In the trial, the participants either received the new COVID-19 vaccine (543 people) or the meningococcal conjugate vaccine (534 people). 113 participants (56 given the COVID vaccine, and 57 in the control group) were also asked to take paracetamol before and for 24 hours after their vaccination to help reduce vaccine-associated reactions (as the COVID-19 vaccine was given in a high dose to help induce a strong immune response).


Results

The vaccine was found to have an acceptable safety profile and there were no serious adverse events. Fatigue and headache were the most commonly reported reactions (around 70% [340/487] of all participants given the COVID-19 vaccine only reported fatigue, and 68% [331/487] reported headache, compared with around 48% [227/477] and 41% [195/477], respectively, of participants in the control group without paracetamol). Other common side effects included pain at the injection site, muscle ache, malaise, chills, feeling feverish, and high temperature.

Participants taking paracetamol around their vaccination had reduced pain, chills, feeling feverish, muscle ache, headache, and malaise in the two days following vaccination. In addition, in the 10 people who received the extra dose of the COVID-19 vaccine, side effects were less common after the second dose.

The authors found that there were strong antibody and T cell responses from the vaccine. T cell responses targeting the SARS-CoV-2 spike protein were markedly increased (in the 43 participants studied); peaking 14 days after vaccination, with this level declining slightly by day 56 of the trial.

They established these results quantitatively. “The T cell response did not increase with a second dose of the vaccine, which is consistent with other vaccines of this kind,” they added. Antibody responses peaked by day 28 (studied in 127 participants) and remained high until the measurement at day 56 in the trial (studied in 43 participants) for those given a single vaccine. This response was boosted by a second dose (at day 56 in these 10 participants).

Researchers detected neutralising antibody responses against SARS-CoV-2, 28 days after vaccination, in 32 of 35 participants (91%), and in 35 of 35 participants (100%) who received a single dose of the COVID-19 vaccine. These responses were present in all participants who had a booster dose of the vaccine. The authors found that taking paracetamol did not affect immunogenicity of the COVID-19 vaccine.

Co-author, Professor Sarah Gilbert, University of Oxford, UK, stated that there is still much work to be done before we can confirm if our vaccine will help manage the COVID-19 pandemic, but these early results hold promise.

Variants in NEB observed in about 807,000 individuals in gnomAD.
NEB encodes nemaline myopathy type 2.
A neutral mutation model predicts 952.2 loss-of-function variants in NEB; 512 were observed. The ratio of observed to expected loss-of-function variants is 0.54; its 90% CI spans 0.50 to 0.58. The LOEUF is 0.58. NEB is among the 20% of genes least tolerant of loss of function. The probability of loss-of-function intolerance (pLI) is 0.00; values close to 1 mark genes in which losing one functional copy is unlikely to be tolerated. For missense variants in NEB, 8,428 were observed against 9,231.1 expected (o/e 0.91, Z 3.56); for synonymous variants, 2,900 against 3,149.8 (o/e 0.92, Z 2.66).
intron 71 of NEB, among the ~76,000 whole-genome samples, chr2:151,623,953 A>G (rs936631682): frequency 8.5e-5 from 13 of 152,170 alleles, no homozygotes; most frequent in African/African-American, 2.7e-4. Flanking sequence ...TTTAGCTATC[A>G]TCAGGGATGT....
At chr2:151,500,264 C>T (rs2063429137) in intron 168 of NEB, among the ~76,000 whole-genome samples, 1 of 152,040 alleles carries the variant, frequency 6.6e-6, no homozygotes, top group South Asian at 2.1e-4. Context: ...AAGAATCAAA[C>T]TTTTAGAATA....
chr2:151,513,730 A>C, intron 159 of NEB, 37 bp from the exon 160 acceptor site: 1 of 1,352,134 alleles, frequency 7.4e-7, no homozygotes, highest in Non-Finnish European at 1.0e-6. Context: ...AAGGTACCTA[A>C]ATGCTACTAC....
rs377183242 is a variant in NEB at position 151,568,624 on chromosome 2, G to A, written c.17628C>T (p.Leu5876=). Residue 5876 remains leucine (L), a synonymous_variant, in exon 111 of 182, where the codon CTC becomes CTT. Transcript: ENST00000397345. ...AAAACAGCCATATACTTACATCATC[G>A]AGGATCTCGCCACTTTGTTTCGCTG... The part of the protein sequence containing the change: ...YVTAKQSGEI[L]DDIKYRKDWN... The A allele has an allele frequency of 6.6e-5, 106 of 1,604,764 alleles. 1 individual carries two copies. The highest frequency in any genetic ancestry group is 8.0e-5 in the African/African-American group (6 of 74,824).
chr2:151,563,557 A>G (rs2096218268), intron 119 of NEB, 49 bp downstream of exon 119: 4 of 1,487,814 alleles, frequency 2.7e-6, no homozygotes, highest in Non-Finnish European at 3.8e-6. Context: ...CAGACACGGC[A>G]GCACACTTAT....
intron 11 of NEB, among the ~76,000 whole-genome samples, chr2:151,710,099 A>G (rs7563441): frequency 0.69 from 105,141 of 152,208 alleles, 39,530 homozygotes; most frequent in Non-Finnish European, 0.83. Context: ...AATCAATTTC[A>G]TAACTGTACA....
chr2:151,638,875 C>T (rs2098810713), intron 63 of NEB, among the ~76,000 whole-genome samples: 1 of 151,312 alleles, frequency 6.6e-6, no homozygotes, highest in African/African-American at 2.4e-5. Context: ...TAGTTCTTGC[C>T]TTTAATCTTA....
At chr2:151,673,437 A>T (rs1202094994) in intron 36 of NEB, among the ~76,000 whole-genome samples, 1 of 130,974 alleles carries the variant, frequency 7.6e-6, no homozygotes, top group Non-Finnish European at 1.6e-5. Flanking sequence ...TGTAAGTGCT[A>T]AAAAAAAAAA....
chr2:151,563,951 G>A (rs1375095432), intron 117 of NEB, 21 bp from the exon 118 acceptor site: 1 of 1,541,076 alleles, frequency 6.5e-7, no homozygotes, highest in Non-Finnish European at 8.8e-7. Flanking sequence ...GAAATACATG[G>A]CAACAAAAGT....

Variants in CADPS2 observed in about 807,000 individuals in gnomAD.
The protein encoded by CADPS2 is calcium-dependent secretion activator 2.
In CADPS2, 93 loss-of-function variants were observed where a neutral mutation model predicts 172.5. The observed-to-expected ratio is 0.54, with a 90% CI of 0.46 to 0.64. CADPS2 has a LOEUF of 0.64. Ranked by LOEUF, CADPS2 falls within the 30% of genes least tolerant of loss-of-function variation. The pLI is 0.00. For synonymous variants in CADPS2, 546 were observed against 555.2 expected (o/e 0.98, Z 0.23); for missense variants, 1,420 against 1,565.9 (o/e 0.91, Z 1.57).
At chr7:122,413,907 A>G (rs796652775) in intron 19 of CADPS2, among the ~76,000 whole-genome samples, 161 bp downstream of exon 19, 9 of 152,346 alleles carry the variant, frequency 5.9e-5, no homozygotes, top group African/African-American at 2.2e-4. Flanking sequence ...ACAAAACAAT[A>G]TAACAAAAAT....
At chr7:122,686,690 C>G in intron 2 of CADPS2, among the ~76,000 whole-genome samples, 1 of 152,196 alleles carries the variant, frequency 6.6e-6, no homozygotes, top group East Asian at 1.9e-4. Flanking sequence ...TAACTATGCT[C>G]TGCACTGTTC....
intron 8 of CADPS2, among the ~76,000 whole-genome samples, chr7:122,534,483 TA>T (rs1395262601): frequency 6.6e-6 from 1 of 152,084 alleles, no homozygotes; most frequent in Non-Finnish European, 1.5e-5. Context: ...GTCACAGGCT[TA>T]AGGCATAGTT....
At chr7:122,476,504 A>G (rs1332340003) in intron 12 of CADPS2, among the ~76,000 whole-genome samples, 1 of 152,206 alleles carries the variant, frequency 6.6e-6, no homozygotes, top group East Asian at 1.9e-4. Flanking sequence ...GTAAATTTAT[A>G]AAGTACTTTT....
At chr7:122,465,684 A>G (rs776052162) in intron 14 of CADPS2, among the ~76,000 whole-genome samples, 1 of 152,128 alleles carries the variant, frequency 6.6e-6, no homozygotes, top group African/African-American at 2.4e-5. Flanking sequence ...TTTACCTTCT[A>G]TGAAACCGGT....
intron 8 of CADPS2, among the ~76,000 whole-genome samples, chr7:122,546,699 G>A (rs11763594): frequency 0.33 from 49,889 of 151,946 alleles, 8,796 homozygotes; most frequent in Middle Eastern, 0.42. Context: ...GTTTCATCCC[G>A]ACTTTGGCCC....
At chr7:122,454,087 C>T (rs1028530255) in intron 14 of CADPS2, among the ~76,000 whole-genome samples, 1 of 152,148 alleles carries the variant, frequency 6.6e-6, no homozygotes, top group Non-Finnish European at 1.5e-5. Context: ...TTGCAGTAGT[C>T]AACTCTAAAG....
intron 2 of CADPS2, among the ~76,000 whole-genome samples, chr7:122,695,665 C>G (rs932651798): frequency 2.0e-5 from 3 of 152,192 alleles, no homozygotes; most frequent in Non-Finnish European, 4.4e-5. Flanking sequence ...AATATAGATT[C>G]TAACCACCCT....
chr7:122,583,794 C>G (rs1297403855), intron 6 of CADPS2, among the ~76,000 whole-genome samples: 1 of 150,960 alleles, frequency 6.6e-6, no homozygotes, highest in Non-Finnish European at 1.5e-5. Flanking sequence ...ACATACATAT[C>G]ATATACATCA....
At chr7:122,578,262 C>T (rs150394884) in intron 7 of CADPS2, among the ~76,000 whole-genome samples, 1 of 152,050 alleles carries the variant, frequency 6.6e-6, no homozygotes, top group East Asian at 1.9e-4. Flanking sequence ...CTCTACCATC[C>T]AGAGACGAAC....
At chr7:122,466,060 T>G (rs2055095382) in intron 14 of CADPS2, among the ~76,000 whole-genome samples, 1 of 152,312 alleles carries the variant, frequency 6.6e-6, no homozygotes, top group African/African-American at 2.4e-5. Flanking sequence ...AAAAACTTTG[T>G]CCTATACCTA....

Prof. Gilbert clarified:

“As well as continuing to test our vaccine in phase 3 trials, we need to learn more about the virus – for example, we still do not know how strong an immune response we need to provoke to effectively protect against SARS-CoV-2 infection. If our vaccine is effective, it is a promising option as these types of vaccine can be manufactured at large scale. A successful vaccine against SARS-CoV-2 could be used to prevent infection, disease and death in the whole population, with high risk populations such as hospital workers and older adults prioritised to receive vaccination.”


Limitations of the study

The authors admitted that there are some limitations, including that more research is needed to confirm their findings in different groups of people – including older age groups, those with other health conditions, and in ethnically and geographically diverse populations.

They revealed that these groups are being recruited in their ongoing phase 2 and 3 trials of the vaccine in the UK, Brazil and South Africa. In the current trial, 91% (979/1,077) of participants were white and the average age of participants was 35 years. The researchers will follow up the participants recruited in this study for at least one year to continue to study the vaccine’s safety and the immune response it provokes.

Dr. Doug Brown, Chief Executive of the British Society for Immunology noted that we are still in the early days of understanding what constitutes an effective long-term immune response against SARS-CoV-2.

He cautioned: “This paper shows that the Oxford vaccine elicited both neutralising antibodies and T-cell immune response against SARS-CoV-2 in the majority of patients after a single dose – this is a good first sign but we still have yet to understand whether these immune responses will have an effect if those individuals encounter the SARS-CoV-2 virus in the future.”

He asserted that the researchers working on this vaccine should be applauded for the monumental effort they have put in to move the science forward at such a fast rate. “In the quest to find both vaccines and therapeutics against this novel coronavirus, we need to make sure that we continue to support our research community to maximise our knowledge of this disease.” he pleaded.

Prof. Fiona Watt, Executive Chair of the Medical Research Council, which helped to fund the trial, said: